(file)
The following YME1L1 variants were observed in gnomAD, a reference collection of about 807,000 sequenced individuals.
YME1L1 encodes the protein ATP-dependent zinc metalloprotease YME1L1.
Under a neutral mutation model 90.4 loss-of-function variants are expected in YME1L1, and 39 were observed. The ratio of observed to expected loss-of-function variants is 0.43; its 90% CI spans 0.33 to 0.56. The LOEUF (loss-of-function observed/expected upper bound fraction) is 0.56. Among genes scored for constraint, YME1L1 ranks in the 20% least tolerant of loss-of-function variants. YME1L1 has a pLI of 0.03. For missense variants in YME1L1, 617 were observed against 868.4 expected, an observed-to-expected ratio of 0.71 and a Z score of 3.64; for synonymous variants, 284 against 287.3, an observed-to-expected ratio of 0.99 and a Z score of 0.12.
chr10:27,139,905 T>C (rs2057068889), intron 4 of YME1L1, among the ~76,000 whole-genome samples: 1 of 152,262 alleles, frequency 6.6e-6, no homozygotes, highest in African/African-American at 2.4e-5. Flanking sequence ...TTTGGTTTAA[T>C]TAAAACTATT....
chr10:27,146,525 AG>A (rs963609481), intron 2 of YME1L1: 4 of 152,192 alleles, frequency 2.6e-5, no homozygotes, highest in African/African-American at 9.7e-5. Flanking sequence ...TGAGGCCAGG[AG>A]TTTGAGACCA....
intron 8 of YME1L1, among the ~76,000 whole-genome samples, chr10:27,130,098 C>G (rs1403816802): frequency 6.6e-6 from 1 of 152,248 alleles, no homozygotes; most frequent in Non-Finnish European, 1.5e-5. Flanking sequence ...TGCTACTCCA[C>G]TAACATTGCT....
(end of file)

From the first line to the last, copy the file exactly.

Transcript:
The following YME1L1 variants were observed in gnomAD, a reference collection of about 807,000 sequenced individuals.
YME1L1 encodes the protein ATP-dependent zinc metalloprotease YME1L1.
Under a neutral mutation model 90.4 loss-of-function variants are expected in YME1L1, and 39 were observed. The ratio of observed to expected loss-of-function variants is 0.43; its 90% CI spans 0.33 to 0.56. The LOEUF (loss-of-function observed/expected upper bound fraction) is 0.56. Among genes scored for constraint, YME1L1 ranks in the 20% least tolerant of loss-of-function variants. YME1L1 has a pLI of 0.03. For missense variants in YME1L1, 617 were observed against 868.4 expected, an observed-to-expected ratio of 0.71 and a Z score of 3.64; for synonymous variants, 284 against 287.3, an observed-to-expected ratio of 0.99 and a Z score of 0.12.
chr10:27,139,905 T>C (rs2057068889), intron 4 of YME1L1, among the ~76,000 whole-genome samples: 1 of 152,262 alleles, frequency 6.6e-6, no homozygotes, highest in African/African-American at 2.4e-5. Flanking sequence ...TTTGGTTTAA[T>C]TAAAACTATT....
chr10:27,146,525 AG>A (rs963609481), intron 2 of YME1L1: 4 of 152,192 alleles, frequency 2.6e-5, no homozygotes, highest in African/African-American at 9.7e-5. Flanking sequence ...TGAGGCCAGG[AG>A]TTTGAGACCA....
intron 8 of YME1L1, among the ~76,000 whole-genome samples, chr10:27,130,098 C>G (rs1403816802): frequency 6.6e-6 from 1 of 152,248 alleles, no homozygotes; most frequent in Non-Finnish European, 1.5e-5. Flanking sequence ...TGCTACTCCA[C>G]TAACATTGCT....